Objectives: The objective of this study was to examine the association between the use of statins and the risk of newly diagnosed dementia in an elderly population. Design, setting and participants: Random samples of 1000 000 individuals covered by the National Health Insurance in Taiwan were included in the analysis. All participants were 65 years or older without dementia and either did or did not start treatment with statins from 1 August 1997 to 31 December 2010. Patients with established dementia before the start of treatment were excluded. Baseline characteristics were matched (by propensity score) in those who did and did not receive statins. Results: A total of 57 669 subjects were included in the analysis with approximately 12 years of follow-up. Propensity score matching identified 2003 patients who received statins and another 2003 patients who did not with comparable baseline characteristics. Adjusted hazard ratios (HRs) for dementia were significantly inversely associated with total or daily equivalent statin dosage (total accumulated dose: HRs 0.829, 0.720 and 0.385 from T1 to T3 vs. control, P < 0.001 for trend; mean daily dose: HRs 0.667, 0.798 and 0.503 from T1 to T3 vs. control, P < 0.001). The results remained robust after propensity adjustment. Conclusion: Independent of traditional risk factors, there was a decrease in newly diagnosed cases of dementia in elderly patients who had received a high total or daily dose of statins. The more potent statins (e.g. atorvastatin and rosuvastatin) seemed to be particularly effective in the prevention of dementia.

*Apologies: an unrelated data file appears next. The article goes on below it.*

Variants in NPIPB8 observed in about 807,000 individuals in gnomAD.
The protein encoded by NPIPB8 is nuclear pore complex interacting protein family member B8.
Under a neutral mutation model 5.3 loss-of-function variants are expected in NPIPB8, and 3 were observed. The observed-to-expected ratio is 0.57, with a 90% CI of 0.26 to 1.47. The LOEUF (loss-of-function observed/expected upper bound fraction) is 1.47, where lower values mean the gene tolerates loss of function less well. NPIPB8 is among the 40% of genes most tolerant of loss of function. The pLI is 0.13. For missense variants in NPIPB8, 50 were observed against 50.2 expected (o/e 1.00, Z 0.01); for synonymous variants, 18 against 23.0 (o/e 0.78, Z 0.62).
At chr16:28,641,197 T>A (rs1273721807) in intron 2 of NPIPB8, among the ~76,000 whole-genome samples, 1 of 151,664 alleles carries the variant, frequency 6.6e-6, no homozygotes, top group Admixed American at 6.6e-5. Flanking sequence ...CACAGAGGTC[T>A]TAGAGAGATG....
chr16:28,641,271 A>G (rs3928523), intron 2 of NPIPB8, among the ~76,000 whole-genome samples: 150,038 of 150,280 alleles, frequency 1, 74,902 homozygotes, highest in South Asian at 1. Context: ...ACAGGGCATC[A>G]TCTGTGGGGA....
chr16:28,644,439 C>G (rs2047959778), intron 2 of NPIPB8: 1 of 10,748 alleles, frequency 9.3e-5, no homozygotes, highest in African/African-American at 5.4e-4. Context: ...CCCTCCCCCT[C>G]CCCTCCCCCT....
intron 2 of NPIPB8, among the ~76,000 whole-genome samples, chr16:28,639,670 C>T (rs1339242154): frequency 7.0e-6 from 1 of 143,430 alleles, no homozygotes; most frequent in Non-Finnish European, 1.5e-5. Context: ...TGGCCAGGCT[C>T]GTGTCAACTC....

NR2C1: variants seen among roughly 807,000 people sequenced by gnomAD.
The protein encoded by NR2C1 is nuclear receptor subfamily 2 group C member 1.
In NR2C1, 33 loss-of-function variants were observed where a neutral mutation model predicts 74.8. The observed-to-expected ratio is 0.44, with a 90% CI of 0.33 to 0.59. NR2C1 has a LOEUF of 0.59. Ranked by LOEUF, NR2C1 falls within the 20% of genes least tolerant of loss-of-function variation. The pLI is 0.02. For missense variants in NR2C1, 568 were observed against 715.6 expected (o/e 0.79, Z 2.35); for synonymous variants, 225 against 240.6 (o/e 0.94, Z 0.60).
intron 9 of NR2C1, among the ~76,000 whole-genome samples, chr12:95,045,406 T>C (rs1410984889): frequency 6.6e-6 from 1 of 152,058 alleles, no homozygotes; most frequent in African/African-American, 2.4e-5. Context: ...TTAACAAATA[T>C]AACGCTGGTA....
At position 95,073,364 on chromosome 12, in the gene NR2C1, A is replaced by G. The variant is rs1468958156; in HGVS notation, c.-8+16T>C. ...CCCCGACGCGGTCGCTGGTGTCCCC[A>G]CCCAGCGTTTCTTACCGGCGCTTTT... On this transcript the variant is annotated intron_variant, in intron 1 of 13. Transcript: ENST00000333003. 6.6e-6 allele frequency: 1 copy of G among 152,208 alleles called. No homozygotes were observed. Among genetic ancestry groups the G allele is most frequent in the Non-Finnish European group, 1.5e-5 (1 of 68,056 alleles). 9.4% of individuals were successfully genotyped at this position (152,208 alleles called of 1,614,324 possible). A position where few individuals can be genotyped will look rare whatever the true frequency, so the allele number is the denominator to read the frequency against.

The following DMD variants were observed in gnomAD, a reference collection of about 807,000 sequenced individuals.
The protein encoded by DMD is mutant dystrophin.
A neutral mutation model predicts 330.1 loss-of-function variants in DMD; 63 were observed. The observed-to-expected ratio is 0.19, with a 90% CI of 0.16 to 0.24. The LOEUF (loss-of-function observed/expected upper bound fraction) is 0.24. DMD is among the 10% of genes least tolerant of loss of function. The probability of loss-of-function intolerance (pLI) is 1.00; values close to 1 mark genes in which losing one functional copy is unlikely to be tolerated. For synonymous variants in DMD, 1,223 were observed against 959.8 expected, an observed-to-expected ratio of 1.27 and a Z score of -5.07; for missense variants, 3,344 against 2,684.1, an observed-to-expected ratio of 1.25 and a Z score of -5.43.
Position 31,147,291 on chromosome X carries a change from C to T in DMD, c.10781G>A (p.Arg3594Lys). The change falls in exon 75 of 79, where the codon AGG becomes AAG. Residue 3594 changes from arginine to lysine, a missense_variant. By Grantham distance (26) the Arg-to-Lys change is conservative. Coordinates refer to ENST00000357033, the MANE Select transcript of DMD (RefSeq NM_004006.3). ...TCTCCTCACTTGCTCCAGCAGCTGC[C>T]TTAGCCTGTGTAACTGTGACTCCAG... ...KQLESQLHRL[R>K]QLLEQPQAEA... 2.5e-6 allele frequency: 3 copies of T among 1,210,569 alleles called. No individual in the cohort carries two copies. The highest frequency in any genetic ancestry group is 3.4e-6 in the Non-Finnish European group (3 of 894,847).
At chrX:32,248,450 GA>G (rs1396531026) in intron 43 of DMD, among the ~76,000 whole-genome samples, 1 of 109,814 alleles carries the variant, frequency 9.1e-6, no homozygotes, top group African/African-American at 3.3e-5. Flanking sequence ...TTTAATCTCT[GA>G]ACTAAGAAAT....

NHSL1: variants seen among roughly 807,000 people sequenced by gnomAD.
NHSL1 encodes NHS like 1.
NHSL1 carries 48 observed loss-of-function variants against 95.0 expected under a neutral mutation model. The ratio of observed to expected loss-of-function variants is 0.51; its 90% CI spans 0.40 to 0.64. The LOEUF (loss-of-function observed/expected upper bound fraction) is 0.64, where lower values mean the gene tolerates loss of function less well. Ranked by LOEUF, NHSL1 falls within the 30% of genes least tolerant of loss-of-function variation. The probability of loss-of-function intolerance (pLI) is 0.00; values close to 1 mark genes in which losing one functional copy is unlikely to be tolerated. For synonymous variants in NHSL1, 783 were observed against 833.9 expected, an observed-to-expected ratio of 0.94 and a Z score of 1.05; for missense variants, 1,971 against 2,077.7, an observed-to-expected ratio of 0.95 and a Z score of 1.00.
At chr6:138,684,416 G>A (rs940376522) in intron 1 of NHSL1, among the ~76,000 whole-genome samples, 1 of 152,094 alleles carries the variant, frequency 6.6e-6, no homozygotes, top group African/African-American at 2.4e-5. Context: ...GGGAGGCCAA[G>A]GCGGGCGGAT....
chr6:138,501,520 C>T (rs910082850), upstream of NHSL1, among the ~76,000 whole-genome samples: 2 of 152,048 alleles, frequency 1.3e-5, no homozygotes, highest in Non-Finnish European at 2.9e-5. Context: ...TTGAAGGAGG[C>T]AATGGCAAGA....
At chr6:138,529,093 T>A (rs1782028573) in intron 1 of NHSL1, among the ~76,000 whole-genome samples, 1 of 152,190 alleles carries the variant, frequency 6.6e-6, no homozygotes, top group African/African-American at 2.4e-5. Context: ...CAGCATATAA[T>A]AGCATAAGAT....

- Propensity score
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